Conversely, NGOs can also open doors for DoD. IHD Senior Health Stability and Humanitarian Assistance Specialist Dr. Lynn Lawry, who previously worked for NGOs for 16 years and now serves as a liaison to that community for DoD, recently utilized her contacts to pave the way for a DoD-NGO collaborative health care project in Africa between DoD's Africa Command and the NGO, International Medical Corps (IMC). Dr. Lawry conducted a 2008 study that found high rates of depression, PTSD, and TBI among ex-combatants who had participated in the civil war in Liberia. The study further showed worse mental health outcomes among both male and female former combatants who had experienced sexual violence. As follow-up, Dr. Lawry is now working with Africa Command Surgeon Dr. Geller and IMC to set up a joint DoD-NGO program to train TBI-competent physicians in Lofa County, Liberia, which was the center of the rebellion. The proposed plan is to set up a clinic at an IMC-supported hospital there in Voinjama close to the Sierra Leone border. Dr. Lawry said about a third of Liberia's population, or 1 million people, have reported serving with the nation's fighting forces-many recruited by abduction and kidnapping. About 270,000 of them have possible head trauma. "This, to me, is a stability issue," she said. "If you have this many people that are upset, sad, willing to commit suicide, you have to deal with it."
Dr. Lawry will soon conduct a similar study in the Democratic Republic of the Congo with a focus on gender-based violence, at the request of Dr. Geller. It will be supported by Africa Command in cooperation with IMC. Dr. Geller said areas for future collaboration between NGOs and Africa Command include direct surgical, medical and mental health support and advocacy to victims of sexual gender-based violence (SGBV) and war-related injuries in still unstable post-conflict areas. "To assist in the return of stability and security by bringing hope and caring in uniforms to those who have lost all faith in them," he said. "This is especially true if we can teach our partner nations to do as we do. This will help to restore confidence in civil governments by showing the right way for officers and enlisted to join together with long-term sustainable resources in unstable areas to secure the underpinning of society by the restoration of essential services, such as safe water and food, lines of communication (roads, bridges, and airfields), building materials and health care."
In a growing effort to reach out to more NGOs, IHD exhibited in the annual InterAction Forum in Arlington, Va., this July for the first time and plans to be involved in it regularly. InterAction includes 181 U.S.-based international NGOs as members who are focused on aiding the world's most poor and vulnerable people, and this year's forum drew 65 exhibitors and over 700 attendees. IHD itself has convened several forums over the last year that have brought together U.S. government interagency and international health leaders to discuss collaborative efforts and challenges in rebuilding the medical systems of stressed regions such as Iraq, Africa and Afghanistan.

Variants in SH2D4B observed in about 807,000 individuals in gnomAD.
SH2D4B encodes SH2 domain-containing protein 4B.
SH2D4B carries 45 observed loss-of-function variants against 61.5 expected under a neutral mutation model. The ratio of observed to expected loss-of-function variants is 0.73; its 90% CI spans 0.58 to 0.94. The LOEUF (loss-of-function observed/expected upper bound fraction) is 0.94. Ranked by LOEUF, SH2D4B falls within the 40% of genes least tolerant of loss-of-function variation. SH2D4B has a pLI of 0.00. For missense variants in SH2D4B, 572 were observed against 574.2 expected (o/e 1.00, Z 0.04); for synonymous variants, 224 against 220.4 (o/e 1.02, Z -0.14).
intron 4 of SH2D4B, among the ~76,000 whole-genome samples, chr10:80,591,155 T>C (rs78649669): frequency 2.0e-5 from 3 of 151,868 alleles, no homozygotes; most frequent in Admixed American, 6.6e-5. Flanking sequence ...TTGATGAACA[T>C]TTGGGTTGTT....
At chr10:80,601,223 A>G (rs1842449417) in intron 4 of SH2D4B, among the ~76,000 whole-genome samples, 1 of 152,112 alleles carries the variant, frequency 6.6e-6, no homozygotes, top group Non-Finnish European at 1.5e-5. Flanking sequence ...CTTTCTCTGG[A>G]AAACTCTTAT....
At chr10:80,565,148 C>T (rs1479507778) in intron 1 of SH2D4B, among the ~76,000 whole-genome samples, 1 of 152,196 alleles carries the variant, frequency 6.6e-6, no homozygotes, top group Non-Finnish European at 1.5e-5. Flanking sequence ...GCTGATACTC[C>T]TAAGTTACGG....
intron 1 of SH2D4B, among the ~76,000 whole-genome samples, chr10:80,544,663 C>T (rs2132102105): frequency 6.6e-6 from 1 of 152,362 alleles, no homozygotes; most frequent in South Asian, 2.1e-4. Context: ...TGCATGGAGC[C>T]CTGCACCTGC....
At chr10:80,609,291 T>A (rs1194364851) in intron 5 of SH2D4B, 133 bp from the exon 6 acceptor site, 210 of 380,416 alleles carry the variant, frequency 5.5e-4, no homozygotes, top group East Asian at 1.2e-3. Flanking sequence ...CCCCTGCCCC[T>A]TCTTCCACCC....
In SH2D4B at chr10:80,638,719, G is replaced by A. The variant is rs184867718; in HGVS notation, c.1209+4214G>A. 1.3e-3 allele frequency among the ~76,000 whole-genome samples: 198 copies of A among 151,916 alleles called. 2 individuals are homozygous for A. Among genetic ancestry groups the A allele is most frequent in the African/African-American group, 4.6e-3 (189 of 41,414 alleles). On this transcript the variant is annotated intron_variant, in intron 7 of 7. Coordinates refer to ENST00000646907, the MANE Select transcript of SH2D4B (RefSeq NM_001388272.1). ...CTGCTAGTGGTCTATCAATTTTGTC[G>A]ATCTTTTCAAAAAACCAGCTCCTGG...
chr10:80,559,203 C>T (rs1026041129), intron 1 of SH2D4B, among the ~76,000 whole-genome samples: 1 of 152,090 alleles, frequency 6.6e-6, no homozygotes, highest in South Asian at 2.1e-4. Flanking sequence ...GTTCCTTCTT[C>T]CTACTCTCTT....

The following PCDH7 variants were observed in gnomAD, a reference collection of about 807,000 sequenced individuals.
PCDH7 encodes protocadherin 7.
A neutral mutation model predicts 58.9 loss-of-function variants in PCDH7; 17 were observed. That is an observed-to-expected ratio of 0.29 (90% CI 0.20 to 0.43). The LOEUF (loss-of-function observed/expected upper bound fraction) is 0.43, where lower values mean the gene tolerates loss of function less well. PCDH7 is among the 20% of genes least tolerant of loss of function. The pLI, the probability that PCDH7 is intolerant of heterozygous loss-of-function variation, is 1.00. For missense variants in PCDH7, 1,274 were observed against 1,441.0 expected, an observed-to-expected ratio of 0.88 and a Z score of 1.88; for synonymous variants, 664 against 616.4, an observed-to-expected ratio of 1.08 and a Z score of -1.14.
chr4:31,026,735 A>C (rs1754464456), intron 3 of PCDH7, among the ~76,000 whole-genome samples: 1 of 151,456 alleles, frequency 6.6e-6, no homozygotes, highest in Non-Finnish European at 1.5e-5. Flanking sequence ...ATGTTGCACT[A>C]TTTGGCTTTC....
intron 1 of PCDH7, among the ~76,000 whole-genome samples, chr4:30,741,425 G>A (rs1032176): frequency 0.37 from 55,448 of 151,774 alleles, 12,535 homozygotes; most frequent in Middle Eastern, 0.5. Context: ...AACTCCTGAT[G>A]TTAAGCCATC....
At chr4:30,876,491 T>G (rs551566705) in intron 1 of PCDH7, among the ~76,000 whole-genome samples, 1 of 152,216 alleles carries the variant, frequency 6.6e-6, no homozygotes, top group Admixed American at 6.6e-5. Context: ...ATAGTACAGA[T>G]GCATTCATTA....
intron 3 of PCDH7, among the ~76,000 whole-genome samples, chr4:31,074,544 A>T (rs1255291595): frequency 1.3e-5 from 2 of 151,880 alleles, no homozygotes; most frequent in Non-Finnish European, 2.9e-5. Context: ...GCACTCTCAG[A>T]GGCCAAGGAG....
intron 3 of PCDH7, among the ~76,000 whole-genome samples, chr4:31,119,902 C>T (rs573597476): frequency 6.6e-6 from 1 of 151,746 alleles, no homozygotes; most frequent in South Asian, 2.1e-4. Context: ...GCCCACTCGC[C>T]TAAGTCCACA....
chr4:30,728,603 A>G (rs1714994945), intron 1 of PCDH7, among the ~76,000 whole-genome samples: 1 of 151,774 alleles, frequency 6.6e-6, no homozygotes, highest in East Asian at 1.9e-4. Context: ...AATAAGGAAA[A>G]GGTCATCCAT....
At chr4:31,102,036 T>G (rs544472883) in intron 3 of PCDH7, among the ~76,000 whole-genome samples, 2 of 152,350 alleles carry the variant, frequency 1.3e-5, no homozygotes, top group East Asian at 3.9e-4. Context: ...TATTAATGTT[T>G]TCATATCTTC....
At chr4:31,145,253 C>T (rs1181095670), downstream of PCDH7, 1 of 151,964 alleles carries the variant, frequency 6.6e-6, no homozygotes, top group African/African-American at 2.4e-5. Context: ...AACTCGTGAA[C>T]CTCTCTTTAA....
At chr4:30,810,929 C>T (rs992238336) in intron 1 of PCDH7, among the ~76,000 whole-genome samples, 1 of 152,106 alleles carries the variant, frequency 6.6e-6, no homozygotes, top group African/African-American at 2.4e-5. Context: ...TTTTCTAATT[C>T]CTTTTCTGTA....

This September, Project HOPE will also play a small role partnering with the 13th Air Force and a U.S.-sponsored international NGO, the East Meets West Foundation (EMW), on a health care mission to Vietnam called "Pacific Angel." A KC-135 transporting 25 U.S. military medical personnel and others will fly into Vietnam to conduct Joint Total Force Combined humanitarian assistance and civil-military medical, dental, optometry, general practice/primary care and engineering operations. "They'll fly into a town, set up an on the ground clinic for (about a week) providing care and supplies and looking at opportunities to extend beyond that, to train locals or continuing to provide volunteers at the clinic after it is established and after the mission is over," Walton said.
The MEDCAP (medical civic action project) portion of the mission will partner with Vietnamese civilian medical professionals and Vietnamese Army medics at a clinic set up in an elementary school, while the dental component will partner with EMW (which is focused on creating sustainable solutions for disadvantaged people in Southeast Asia). Another 15 U.S. military engineering personnel will conduct repairs on a rural medical clinic that serves four townships and is the primary care site for area motor bike and vehicle accident victims, despite having limited health care capacity and capability.
A further example of a successful DoD-NGO health project can be found in Iraq. Walton said HOPE has been involved with the Army Corps of Engineers to develop a children's hospital in Basra to treat cancer. "In southern Iraq, there is a high incidence of childhood cancers-8 to 10 times higher than the U.S.," Walton said. "Leukemia is very treatable if you catch it early. The Army is building it with local contractors. HOPE has been equipping the facility with devices it would need to care for kids, radiology, x-ray machines and training 60-70 Iraqi doctors and 100 nurses to work there. This fall, it will start accepting patients. It's been a great partnership and we've brought both of our own strengths together to address a health care need."
Making A Joint Impact
Among the goals through the direct care and education provided to countries from the Navy-led interagency hospital ship missions is sustainability and medical capacity building. "We spend 2-3 weeks in each port and the education HOPE provides to the local health care workers lasts beyond that, and raises the capabilities of doctors, nurses, EMTs and midwives so they can provide better care long-term," Walton advised. "The Comfort mission just finished. We had volunteer doctors and nurses working with Navy doctors and nurses onboard, and the Navy reached out to militaries in other countries and they provided doctors and nurses. Unfortunately the tsunami triggered all of this, but a lot of great humanitarian assistance has been provided since then."